Damocloid

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Damocloids are minor planets such as 5335 Damocles and 1996 PW that have Halley-family or long-period highly eccentric orbits typical of periodic comets such as Halley's Comet, but without showing a cometary coma or tail. David Jewitt defines a damocloid as an object with a Tisserand's parameter relative to Jupiter TJ ≤ 2.[1] This can also loosely be defined as (q < 5.2 AU, a > 8.0 AU, and e > 0.75) or i > 90 deg,[2] but this definition that does not focus on Jupiter excludes objects such as (127546) 2002 XU93, 2003 WG166, and 2004 DA62.[3]

Using the Tisserand parameter (T-Jupiter ≤ 2) there are currently 96 damocloid candidates.[4] Of these objects, 74 have orbital observation arcs greater than 30 days providing reasonably decent orbits.[5][1] Their average radius is eight kilometers assuming an albedo of 0.04. The albedos of four damocloids have been measured, and they are among the darkest objects known in the Solar System. Damocloids are reddish in color, but not as red as many Kuiper-belt objects or centaurs. Other damocloids include: 2013 BL76, 2012 DR30, 2008 KV42, (65407) 2002 RP120, and 20461 Dioretsa.

Retrograde objects such as Halley's Comet and damocloid (343158) 2009 HC82 can have relative velocities to Earth of 81 km/s (290,000 km/h).[6]

Origin[edit]

Damocloids are believed to be nuclei of Halley-type comets that have lost all their volatile materials due to outgassing and become dormant. Such comets are believed to originate from the Oort cloud. This hypothesis is strengthened by the fact that a number of objects thought to be damocloids (and assigned minor-planet provisional designations) subsequently showed a coma and were confirmed to be comets: C/2001 OG108 (LONEOS), C/2002 CE10 (LINEAR), C/2002 VQ94 (LINEAR), C/2004 HV60 (Spacewatch) and possibly others. Another strong indication of cometary origin is the fact that some damocloids have retrograde orbits, unlike any other minor planets. (Objects with an inclination beyond 90 degrees up to 180 degrees are in a retrograde orbit and orbit in the opposite direction of other objects.)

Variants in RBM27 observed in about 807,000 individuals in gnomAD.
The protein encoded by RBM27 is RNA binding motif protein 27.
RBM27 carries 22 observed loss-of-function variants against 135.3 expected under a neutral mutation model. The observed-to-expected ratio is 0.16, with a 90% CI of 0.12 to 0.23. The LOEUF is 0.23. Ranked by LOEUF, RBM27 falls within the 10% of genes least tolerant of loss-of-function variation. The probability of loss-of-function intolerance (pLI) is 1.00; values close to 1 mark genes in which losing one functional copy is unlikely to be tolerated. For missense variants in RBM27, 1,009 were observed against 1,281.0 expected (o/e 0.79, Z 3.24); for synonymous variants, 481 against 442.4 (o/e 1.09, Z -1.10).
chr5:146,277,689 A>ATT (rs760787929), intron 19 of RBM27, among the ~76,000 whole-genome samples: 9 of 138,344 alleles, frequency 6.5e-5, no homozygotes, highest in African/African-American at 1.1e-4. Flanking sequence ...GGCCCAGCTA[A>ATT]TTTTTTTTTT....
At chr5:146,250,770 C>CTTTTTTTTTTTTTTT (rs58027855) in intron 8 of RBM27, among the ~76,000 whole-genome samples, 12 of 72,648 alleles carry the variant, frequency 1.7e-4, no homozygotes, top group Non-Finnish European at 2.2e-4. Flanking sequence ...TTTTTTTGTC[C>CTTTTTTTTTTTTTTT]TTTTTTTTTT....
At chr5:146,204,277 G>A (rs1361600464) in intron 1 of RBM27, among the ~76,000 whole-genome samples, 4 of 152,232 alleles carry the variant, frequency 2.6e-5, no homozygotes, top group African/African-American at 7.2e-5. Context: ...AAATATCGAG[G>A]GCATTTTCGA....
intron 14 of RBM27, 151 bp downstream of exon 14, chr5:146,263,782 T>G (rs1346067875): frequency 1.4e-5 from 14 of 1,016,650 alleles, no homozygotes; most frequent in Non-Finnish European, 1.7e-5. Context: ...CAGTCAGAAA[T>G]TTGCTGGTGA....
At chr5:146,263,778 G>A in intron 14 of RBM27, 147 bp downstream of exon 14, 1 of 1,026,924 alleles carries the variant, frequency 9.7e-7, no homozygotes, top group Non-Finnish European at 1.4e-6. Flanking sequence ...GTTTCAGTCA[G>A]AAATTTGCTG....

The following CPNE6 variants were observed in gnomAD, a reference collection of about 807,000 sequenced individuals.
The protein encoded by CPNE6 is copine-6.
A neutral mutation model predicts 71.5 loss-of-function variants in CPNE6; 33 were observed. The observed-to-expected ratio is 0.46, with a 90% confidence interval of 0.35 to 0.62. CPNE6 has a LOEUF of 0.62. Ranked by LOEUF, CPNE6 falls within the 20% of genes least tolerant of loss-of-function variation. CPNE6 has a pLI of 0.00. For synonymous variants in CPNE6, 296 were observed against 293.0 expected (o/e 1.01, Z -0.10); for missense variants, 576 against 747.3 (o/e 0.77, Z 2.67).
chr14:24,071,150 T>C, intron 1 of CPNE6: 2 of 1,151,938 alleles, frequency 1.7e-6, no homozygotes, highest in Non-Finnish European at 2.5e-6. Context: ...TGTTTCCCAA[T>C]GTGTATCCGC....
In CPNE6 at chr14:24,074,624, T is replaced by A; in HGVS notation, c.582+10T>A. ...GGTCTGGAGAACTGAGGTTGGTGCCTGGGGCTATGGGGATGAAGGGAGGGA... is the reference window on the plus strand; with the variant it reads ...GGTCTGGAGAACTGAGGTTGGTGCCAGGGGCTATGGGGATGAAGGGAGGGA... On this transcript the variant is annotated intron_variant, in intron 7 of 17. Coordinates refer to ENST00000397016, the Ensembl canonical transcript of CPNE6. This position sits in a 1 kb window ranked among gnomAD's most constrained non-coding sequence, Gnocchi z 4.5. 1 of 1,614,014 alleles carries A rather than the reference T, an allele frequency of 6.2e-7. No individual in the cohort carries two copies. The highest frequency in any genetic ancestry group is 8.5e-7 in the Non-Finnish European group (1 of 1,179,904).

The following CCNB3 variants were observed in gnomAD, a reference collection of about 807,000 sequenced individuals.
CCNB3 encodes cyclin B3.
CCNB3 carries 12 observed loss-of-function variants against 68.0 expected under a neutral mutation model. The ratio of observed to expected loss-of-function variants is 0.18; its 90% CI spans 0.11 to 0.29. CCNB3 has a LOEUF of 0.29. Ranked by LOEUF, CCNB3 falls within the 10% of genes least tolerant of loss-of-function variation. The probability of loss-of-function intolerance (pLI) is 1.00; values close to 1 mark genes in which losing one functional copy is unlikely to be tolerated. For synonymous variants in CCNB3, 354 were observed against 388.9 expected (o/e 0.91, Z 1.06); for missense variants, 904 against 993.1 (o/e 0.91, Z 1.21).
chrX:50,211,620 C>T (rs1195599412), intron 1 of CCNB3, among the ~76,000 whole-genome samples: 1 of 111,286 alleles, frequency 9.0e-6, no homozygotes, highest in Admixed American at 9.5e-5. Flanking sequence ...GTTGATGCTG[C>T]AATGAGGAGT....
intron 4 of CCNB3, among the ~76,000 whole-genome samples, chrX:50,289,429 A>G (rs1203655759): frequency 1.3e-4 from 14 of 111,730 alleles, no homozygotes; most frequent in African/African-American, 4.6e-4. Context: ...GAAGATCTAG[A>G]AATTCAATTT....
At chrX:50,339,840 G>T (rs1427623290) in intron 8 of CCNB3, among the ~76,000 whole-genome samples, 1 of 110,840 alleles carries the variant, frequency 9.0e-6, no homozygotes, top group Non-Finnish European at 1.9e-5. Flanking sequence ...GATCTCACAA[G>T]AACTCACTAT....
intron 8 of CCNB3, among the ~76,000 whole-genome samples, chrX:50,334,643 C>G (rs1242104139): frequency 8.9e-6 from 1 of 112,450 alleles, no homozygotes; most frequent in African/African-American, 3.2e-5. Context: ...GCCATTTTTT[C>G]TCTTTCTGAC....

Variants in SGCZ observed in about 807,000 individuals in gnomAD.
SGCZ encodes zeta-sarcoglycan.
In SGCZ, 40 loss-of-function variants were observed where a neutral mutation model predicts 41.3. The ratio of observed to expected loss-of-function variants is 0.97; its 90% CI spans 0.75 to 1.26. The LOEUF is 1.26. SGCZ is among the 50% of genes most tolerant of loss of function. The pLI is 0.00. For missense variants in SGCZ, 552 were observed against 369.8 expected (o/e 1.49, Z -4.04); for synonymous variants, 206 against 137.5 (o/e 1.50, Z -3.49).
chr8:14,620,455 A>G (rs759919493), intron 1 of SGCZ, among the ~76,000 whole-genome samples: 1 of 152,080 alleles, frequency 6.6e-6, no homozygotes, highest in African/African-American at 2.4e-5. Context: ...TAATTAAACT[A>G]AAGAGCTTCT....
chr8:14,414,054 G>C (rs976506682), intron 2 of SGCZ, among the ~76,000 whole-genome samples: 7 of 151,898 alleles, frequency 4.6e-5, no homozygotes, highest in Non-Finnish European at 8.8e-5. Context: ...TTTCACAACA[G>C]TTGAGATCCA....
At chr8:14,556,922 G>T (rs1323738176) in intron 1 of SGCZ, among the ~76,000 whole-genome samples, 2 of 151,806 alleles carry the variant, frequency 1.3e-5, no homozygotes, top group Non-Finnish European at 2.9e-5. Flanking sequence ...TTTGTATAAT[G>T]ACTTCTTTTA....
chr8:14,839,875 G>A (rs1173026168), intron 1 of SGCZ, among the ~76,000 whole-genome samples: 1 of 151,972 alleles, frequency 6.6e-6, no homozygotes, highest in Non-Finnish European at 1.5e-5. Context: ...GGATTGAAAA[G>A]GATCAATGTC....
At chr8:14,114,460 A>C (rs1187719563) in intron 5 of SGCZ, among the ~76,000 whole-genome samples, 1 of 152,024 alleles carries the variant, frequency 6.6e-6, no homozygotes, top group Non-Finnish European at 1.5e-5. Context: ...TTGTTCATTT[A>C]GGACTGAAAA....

See also[edit]

References[edit]

  1. ^ a b David Jewitt (August 2013). "The DAMOCLOIDS". UCLA, Department of Earth and Space Sciences. Retrieved 2014-02-14.  (2013 list / 2011 list / 2010 list)
  2. ^ Akimasa Nakamura and bas (2009-05-02). "List of Damocloids (Oort cloud asteroids)". Lowell Observatory. Retrieved 2011-02-09. 
  3. ^ Jewitt, David (2005). "A first look at the Damocloids". The Astronomical Journal 129 (1): 730–538. Bibcode:2005AJ....129..530J. doi:10.1086/426328. Retrieved 2011-02-13. 
  4. ^ "JPL Small-Body Database Search Engine: asteroids and T-Jupiter <= 2". JPL Solar System Dynamics. Retrieved 2014-02-14.  Search parameters used: Limited by object type/group: Asteroids and T-Jupiter <= 2
  5. ^ "JPL Small-Body Database Search Engine: asteroids and T-Jupiter <= 2 and data-arc span > 30 (d)". JPL Solar System Dynamics. Retrieved 2014-02-14. 
  6. ^ "NEO Close-Approaches (Between 1900 and 2200)". NASA/JPL Near-Earth Object Program. Retrieved 2012-06-22.  (sorted by descending relative velocity, dist<0.5AU = "215,221 close-Earth approaches")

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